Irshad Manji, the prominent author of The Trouble with Islam Today which has been published in more than 30 languages, including Arabic, Malay and Indonesian is on a book tour in Indonesia promoting her most recent book, Allah, Liberty and Love found herself faced with angry mobs determined to derail any talks or book discussion she was scheduled to speak at.
Local media reported that the South Jakarta police forcibly ended the book launch and discussion which was held the at the Salihara Community’s building, Pasar Minggu on May 4 after the event was protested by Islamic Defender Front (FPI) group and people claiming to be local residents. The Jakarta Post reported that the protesters rejected the author because she openly declared that she was a lesbian and that her viewpoint that Islam should accept homosexuality was “unacceptable”; and questioned the organiser’s permit to invite a foreign national.
Manji was born in Uganda to a Gujarati Indian father and an Egyptian mother but her family moved to Canada when she was four.
Tempo Interactive, a news website, reported that Manji who was accompanied by her lawyer exited the building around 9.58 pm under heavy police escort, some two hours after the venue’s fence was pulled down by a several-hundred-strong group reportedly comprising Islamic Defenders Front (FPI) members and supporters.
On Saturday, Manji successfully attended a discussion hosted by the Alliance of Independence Journalists’s (AJI) Jakarta branch under the protection of Banser NU, a youth wing of Indonesia’s largest Muslim organisation, Nahdlatul Ulama.
Before her Salihara speech was interrupted by the police, Manji had mentioned that compared to her last visit in 2008, she felt that there were “more conservative groups in the country this year”.
On Wednesday, a planned talk at Yogyakarta’s Gadjah Mada University – one of Indonesia’s most prominent universities – was cancelled by university officials citing pressure from a group of hundreds of people who showed up at the university on Tuesday night and demanded the event not occur. “[Gadjah Mada] deems it important to be extra careful, given the recent unfavourable security situations,” a university spokesman told the Jakarta Post.
Two high-end Jakarta hotels, named by Tempo to be Ritz Carlton Mega Kuningan and Kartika Chandra hotels, reportedly refused to house the author. She eventually checked into Hotel Ritz Carlton Pacific Place.
Manji, during an interview with The Jakarta Post a few days after the incident on Friday, said that homosexuality was “barely” mentioned in her book.
Instead her book Allah, Liberty and Love is a “how to” book on the subject of moral courage, which she defines as “the willingness to speak your truth to the powers in your community for the sake of a greater good than just your community.”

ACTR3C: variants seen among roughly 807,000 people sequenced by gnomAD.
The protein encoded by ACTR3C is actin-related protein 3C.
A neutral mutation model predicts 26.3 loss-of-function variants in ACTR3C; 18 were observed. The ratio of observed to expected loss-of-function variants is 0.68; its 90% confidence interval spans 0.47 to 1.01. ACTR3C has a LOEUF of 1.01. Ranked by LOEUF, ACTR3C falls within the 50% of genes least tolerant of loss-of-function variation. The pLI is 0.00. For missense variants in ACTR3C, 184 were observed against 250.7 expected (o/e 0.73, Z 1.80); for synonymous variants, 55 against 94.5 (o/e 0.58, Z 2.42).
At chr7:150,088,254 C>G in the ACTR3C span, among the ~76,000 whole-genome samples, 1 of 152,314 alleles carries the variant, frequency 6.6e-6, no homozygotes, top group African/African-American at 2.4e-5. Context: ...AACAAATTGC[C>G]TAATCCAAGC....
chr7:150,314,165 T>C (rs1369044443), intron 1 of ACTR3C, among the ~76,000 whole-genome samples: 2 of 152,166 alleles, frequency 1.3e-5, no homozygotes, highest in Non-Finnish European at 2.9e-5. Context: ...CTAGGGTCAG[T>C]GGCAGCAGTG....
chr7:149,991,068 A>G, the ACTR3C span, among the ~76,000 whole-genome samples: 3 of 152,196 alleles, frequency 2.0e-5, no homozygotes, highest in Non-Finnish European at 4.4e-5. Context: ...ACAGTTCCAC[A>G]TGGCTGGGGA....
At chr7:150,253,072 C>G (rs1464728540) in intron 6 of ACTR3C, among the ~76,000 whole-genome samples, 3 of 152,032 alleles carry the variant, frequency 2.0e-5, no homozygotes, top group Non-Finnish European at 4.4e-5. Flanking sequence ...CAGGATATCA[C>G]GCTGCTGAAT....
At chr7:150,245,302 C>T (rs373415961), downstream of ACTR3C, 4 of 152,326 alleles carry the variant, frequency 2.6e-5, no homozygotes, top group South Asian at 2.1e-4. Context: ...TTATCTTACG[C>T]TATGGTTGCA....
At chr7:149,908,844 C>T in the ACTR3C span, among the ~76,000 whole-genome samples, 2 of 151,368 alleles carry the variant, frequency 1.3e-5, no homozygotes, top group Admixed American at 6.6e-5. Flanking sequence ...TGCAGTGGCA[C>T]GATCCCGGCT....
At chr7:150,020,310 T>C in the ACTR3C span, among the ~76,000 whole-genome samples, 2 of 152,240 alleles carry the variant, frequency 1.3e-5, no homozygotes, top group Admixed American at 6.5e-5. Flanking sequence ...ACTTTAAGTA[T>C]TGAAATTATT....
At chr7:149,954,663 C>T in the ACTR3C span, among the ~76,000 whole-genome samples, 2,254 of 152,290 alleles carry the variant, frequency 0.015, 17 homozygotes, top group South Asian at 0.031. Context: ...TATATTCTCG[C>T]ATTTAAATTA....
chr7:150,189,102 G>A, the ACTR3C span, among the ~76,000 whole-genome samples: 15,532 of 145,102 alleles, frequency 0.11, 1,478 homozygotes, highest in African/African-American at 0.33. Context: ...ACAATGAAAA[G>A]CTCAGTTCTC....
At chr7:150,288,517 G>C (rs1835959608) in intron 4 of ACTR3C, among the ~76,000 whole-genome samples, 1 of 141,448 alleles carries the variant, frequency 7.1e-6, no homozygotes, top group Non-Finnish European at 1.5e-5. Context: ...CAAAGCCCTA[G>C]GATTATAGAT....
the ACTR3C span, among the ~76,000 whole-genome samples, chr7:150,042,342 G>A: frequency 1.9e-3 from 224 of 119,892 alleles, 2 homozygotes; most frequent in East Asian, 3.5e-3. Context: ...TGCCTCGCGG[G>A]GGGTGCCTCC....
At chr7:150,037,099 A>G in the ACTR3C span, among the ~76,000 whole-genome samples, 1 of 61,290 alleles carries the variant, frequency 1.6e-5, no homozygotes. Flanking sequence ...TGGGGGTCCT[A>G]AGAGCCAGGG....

She is currently the director of the Moral Courage Project at the Robert F. Wagner Graduate School of Public Service at New York University.
“This new book really comes from 10 years of conversations that I have been having with young people, young Muslims especially all around the world… After The Trouble with Islam Today came out in 2003 as you know it received a lot of international press and I began a book tour that I did not realise would become a 10-year global dialogue,” she said.
She related that she had attended a madrasa (Islamic school) in Vancouver, Canada, where her family relocated, but stopped when she was 14.
“The madrasa teacher tells us that Muslims cannot take Jews and Christians as friends and I asked why not. And he says either you believe or you get out and if you get out get out forever,” Manji said.
She left the school but continued to study Islam on her own through the books available at the public library.
Ironically, she learnt more about her own religion through debates with an educator of a different religion at her new school.
“[The vice principal] would treat me with the respect that a young person would rarely get at, for example, a madrasa. So the fact that he treated me as an actual human being and that he himself was a devout Christian showed me that religion in the public space or people of faith in the public sphere are not always bad news and disagreeing with each others’ ideas doesn’t always mean denying each other’s humanity,” she said.
Manji said she remains a “faithful Muslim” and her “liberal” label is in fact compatible with Islam.
“Liberal in its classical meaning equates with freedom of thinking. So that’s ijtihad. It’s not a political term, not an ideological term. It’s a philosophical term. And it means reason, freedom of thought, pluralism. Ultimately it coheres much more with the Koran’s call for humility than conservatism does,” she said.
“When people are doing violence and intimidating and bullying and harassing others in the name of Allah and moderates don’t like it and don’t say anything because we shouldn’t react, we should just keep the peace, all they are doing is empowering those bullies,” Manji said.